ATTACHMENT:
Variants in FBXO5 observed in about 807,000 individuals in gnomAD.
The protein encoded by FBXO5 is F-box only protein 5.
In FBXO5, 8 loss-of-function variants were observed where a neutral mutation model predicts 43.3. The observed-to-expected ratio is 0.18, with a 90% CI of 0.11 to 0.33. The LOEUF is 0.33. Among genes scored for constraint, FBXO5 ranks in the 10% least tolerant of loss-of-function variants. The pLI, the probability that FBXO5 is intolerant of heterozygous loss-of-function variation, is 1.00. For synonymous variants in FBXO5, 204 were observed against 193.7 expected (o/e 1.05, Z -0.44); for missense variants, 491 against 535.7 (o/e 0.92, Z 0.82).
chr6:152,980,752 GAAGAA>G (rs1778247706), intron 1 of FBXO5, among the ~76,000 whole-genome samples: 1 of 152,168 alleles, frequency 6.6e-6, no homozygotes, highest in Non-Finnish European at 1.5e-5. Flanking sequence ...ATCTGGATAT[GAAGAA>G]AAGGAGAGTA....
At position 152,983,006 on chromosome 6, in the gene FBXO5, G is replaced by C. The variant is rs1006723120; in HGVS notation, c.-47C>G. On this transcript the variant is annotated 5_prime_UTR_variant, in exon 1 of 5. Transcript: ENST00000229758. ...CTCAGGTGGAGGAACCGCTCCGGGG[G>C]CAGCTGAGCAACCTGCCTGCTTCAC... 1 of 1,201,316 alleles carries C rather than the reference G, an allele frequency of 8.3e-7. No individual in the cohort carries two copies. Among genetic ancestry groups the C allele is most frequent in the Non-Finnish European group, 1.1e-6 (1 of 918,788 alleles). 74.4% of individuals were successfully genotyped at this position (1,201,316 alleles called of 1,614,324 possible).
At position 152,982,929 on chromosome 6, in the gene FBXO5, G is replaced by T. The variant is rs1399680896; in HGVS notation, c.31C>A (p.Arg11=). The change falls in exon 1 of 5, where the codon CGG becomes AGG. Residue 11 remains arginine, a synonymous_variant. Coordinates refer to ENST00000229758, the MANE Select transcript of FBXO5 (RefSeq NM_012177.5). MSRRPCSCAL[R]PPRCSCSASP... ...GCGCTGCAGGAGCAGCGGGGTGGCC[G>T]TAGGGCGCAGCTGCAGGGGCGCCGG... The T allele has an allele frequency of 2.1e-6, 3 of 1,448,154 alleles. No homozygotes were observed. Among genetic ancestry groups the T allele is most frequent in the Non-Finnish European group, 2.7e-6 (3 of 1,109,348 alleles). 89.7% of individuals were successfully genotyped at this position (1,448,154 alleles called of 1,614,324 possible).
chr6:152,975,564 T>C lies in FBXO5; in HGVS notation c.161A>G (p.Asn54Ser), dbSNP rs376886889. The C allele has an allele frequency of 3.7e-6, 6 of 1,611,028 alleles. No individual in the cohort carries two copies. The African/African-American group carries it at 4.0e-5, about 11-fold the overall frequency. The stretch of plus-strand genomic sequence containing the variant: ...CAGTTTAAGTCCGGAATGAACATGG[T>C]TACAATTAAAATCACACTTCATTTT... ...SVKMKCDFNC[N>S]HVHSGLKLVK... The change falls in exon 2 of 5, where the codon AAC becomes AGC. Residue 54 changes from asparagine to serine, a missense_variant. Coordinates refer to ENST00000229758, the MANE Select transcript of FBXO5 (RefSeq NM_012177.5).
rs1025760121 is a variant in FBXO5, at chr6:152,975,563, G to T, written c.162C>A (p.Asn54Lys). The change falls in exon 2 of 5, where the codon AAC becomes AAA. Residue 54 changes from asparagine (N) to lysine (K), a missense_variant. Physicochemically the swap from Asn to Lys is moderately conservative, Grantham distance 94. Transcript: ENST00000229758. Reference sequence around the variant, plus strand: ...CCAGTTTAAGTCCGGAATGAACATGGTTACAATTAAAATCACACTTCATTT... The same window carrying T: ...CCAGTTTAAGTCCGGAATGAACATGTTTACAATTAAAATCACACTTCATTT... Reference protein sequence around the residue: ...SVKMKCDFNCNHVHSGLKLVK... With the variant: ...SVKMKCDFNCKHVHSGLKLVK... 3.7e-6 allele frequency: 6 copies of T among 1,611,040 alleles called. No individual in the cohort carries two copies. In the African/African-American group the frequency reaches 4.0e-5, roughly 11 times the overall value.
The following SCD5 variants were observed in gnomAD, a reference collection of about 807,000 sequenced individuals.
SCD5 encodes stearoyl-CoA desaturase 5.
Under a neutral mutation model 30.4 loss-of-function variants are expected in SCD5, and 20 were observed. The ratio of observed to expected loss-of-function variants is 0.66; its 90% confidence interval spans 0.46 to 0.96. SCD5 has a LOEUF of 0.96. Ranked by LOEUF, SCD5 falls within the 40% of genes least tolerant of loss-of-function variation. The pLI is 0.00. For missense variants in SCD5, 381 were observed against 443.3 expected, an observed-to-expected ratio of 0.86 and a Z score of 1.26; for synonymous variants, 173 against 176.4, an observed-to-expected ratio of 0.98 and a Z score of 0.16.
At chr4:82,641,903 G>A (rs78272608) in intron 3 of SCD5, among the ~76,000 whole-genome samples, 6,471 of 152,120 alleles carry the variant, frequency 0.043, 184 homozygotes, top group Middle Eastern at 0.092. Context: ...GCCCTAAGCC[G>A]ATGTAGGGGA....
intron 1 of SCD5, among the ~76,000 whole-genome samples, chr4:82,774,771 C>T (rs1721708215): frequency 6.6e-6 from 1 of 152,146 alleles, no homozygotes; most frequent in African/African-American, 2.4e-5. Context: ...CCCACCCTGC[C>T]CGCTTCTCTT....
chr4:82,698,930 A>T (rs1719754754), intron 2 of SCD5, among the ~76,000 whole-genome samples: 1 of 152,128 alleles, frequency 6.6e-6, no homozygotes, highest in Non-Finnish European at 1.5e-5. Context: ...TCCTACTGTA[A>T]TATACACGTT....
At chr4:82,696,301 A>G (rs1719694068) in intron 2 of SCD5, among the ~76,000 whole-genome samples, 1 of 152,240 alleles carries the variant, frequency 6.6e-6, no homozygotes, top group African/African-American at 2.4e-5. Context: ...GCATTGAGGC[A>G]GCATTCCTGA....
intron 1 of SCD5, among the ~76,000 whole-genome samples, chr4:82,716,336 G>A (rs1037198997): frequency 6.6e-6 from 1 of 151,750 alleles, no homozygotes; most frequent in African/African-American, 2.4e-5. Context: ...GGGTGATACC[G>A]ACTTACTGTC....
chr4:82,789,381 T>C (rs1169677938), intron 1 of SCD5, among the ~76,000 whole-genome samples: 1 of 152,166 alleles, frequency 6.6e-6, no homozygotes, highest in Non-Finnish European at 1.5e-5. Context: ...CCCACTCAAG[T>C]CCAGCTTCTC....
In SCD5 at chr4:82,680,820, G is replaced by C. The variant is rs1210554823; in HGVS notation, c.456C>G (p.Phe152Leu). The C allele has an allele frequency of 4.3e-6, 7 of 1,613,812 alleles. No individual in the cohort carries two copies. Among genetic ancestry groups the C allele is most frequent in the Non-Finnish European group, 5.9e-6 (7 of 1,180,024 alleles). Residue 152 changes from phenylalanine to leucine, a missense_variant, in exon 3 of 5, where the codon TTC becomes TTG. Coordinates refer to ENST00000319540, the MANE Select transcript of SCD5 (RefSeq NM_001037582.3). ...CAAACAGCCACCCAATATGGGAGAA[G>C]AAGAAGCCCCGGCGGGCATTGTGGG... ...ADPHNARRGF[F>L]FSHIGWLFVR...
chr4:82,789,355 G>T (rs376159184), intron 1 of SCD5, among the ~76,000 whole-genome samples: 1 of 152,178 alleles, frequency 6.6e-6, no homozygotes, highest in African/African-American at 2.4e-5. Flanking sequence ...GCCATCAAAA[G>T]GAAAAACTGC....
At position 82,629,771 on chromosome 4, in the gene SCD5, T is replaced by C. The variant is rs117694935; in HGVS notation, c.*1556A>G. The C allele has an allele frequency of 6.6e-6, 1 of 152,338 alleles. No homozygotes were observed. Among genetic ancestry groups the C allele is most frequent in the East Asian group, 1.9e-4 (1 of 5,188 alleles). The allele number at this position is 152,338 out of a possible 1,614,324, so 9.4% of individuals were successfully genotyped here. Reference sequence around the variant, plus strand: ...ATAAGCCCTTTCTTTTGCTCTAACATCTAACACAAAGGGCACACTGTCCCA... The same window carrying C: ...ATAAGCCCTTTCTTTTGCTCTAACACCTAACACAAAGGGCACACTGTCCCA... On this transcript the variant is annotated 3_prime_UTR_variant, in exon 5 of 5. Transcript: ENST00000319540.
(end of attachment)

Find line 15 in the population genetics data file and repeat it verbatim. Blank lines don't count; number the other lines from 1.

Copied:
At chr4:82,696,301 A>G (rs1719694068) in intron 2 of SCD5, among the ~76,000 whole-genome samples, 1 of 152,240 alleles carries the variant, frequency 6.6e-6, no homozygotes, top group African/African-American at 2.4e-5. Context: ...GCATTGAGGC[A>G]GCATTCCTGA....